What Were the Cons of the Articles of Confederation?

1. It took a long time for it to be fully implemented.
There were numerous weaknesses with the Articles of Confederation because there was such an emphasis on being “different” than Britain. For starters, there wasn’t really an executive branch under that constitution in an effort to avoid having a king. The national government had no ability to impose laws on states. Leadership from Congress had little influence. As time went by, it was clear that this first constitution wouldn’t be able to fully unify the colonies as everyone wanted.

2. It had no authority to regulate commerce.
This authority was delegated to the states. Even though the articles gave the US the power to negotiate international treaties and perform other tasks, there was no centralized authority for commerce. That meant an international government could negotiate a treaty with the US, but any trade opportunities had to be independently negotiated with each state. That difficulty limited many of the available trade opportunities at the time.

3. It had not authority to levy taxes.
A government requires funds to operate. The Articles of Confederation provided no authority to levy taxes on the population, a holdover likely from the taxation without representation protests that had occurred in the months and years prior to the writing of the constitution. They could coin money and maintain an armed force, but relied on the states to provide the financial means to do so. These issues would eventually spell the end of the Articles of Confederation as a governing document.

4. It provided too much independence.
Because of the lack of commerce regulation built into the Articles of Confederation, each state acted as its own small “nation” and treated other states like they were an alliance instead of a fellow patriot. At one point in the 1780s, each state was even issuing its own currency. This led to high levels of inflation, which reduced the economic powers of each state. It became clear that the only solution would be to centralize these needs instead of enjoying complete independence.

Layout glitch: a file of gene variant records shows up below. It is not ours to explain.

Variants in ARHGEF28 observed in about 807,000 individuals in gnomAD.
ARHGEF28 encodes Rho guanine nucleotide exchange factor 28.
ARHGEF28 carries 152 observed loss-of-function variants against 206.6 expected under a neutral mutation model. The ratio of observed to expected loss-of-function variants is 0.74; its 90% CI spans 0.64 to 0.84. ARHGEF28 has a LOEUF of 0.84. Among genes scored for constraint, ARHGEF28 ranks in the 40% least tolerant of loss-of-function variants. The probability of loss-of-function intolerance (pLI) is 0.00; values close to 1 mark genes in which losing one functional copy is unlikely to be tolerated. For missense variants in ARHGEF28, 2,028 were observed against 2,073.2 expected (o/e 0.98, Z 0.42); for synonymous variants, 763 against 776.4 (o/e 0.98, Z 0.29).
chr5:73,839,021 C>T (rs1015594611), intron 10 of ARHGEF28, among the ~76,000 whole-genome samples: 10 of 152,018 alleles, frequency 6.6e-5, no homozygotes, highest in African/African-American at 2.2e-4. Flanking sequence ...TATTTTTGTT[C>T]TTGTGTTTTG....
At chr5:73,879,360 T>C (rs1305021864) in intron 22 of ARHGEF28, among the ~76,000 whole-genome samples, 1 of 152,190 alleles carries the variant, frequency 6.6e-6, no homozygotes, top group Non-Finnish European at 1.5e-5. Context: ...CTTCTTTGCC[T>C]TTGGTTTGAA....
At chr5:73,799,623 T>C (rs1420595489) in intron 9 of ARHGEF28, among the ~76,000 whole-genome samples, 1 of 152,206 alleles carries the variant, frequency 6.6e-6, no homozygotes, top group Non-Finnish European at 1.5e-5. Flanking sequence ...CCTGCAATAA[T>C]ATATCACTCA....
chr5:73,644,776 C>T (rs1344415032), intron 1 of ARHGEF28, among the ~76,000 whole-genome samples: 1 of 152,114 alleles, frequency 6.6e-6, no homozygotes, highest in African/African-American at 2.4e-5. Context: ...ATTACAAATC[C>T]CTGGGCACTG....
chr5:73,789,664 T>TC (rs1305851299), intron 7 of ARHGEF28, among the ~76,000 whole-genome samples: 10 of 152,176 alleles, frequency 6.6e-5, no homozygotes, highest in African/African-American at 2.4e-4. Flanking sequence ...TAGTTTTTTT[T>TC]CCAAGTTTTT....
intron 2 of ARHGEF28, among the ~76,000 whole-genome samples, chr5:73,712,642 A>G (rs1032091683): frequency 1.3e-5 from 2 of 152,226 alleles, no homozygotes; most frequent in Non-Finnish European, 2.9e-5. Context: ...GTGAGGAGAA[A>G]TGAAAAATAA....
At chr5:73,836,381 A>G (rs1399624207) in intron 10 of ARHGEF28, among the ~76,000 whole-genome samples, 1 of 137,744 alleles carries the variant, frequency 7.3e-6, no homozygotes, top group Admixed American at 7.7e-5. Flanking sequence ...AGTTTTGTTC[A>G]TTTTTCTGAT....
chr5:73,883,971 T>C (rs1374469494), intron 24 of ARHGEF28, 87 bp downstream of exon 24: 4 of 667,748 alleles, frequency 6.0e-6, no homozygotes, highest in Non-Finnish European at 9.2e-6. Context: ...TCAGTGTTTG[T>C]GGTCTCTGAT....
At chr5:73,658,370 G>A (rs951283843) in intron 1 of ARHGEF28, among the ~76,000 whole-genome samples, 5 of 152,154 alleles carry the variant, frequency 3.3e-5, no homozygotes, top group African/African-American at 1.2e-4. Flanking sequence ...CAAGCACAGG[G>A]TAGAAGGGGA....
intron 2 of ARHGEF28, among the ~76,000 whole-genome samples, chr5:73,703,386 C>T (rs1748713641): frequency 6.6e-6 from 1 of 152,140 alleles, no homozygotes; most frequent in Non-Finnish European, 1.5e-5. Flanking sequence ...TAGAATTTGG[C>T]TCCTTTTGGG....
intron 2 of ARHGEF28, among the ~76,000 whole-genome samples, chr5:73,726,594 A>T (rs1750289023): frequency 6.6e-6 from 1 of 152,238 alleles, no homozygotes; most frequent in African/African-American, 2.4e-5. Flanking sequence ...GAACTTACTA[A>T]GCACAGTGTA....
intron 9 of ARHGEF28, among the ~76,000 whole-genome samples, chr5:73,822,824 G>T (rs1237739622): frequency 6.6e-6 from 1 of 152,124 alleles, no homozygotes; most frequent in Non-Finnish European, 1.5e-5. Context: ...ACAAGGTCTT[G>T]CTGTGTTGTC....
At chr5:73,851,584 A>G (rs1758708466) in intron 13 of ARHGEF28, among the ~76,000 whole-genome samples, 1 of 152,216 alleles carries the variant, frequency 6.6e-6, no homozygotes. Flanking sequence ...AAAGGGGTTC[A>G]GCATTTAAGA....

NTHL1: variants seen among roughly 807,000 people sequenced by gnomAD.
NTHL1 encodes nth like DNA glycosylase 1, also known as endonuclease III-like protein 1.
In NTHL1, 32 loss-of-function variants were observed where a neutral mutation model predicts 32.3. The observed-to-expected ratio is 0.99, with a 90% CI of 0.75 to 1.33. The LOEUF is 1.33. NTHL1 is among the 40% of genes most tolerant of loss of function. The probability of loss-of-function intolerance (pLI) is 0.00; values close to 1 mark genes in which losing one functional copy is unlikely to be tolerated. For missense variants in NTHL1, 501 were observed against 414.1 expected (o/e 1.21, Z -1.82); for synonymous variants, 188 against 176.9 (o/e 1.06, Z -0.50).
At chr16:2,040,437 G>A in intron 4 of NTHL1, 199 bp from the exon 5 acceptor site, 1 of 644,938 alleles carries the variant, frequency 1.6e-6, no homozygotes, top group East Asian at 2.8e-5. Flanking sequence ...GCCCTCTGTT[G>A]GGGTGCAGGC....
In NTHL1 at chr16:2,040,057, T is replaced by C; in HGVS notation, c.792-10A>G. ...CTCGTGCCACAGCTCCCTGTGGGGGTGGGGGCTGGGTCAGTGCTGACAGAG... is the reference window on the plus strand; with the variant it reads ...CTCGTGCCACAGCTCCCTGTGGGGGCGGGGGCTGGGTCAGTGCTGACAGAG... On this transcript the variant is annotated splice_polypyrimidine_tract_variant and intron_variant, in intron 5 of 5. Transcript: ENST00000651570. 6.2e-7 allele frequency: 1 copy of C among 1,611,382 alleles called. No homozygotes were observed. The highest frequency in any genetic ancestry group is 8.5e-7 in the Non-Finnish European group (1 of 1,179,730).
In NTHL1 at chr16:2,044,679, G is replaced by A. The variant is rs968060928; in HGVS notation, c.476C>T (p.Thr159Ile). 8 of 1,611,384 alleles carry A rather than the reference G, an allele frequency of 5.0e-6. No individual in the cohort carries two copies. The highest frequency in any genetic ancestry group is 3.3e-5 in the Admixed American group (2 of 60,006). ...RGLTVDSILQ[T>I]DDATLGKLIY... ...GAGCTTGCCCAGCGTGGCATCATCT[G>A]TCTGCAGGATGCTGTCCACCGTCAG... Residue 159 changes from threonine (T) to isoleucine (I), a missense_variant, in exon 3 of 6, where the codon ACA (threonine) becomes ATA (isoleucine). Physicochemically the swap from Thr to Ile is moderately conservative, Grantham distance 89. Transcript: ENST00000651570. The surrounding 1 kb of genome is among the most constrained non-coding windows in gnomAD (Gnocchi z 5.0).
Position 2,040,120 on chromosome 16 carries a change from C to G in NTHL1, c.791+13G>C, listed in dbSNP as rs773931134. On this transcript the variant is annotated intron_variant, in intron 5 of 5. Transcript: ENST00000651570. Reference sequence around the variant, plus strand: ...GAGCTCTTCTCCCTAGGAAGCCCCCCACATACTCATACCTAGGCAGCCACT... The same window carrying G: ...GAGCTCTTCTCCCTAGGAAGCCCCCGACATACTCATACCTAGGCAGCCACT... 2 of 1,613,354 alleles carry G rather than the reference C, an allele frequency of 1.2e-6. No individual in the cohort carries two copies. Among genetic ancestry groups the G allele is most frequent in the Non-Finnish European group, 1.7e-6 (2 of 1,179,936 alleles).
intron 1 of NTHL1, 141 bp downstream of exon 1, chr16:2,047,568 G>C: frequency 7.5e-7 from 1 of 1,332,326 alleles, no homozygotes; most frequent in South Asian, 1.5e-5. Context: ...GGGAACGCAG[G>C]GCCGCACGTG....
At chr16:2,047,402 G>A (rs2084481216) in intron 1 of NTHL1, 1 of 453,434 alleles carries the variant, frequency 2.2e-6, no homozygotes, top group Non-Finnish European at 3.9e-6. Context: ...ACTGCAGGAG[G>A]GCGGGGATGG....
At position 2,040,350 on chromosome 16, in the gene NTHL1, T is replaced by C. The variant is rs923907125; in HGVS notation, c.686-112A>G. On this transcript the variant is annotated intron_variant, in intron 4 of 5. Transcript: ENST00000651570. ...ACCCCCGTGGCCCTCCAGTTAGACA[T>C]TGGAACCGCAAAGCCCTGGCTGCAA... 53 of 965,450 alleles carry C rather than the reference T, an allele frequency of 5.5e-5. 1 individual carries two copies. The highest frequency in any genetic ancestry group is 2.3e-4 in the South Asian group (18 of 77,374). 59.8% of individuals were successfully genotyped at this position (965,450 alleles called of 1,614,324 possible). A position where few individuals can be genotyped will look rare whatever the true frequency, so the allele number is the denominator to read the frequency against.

5. It placed value on slavery.
One of the sticking points of the Articles of Confederation was taxation assignment. The southern states wanted only white citizens to be counted for taxation purposes. The northern states wanted every person, except Native Americans, to be counted for taxing purposes. Eventually, a compromise was reached that based taxation on land and improvements. Since slaves were often listed as property, their value was actually taxed by the new government structures.

6. It restricted the ability to act in an emergency.
After the Treaty of Paris, territories in the west beyond the original colonies were declared to be US territories. Despite this agreement, the British continued to occupy posts in the Old Northwest. Merchants from the US were barred from entering the British West Indies. Despite efforts to amend the articles so these issues could be addressed, a decision could not be reached. Ultimately, the failure to find a path forward led to the Articles of Confederation being removed as a governing guideline.

The pros and cons of the Articles of Confederation helped to shape the United States into the country it is today. This early constitution may have been far from perfect, but it did encourage dialogue and foster state-to-state relationships that would provide a cornerstone for what would eventually become the Constitution.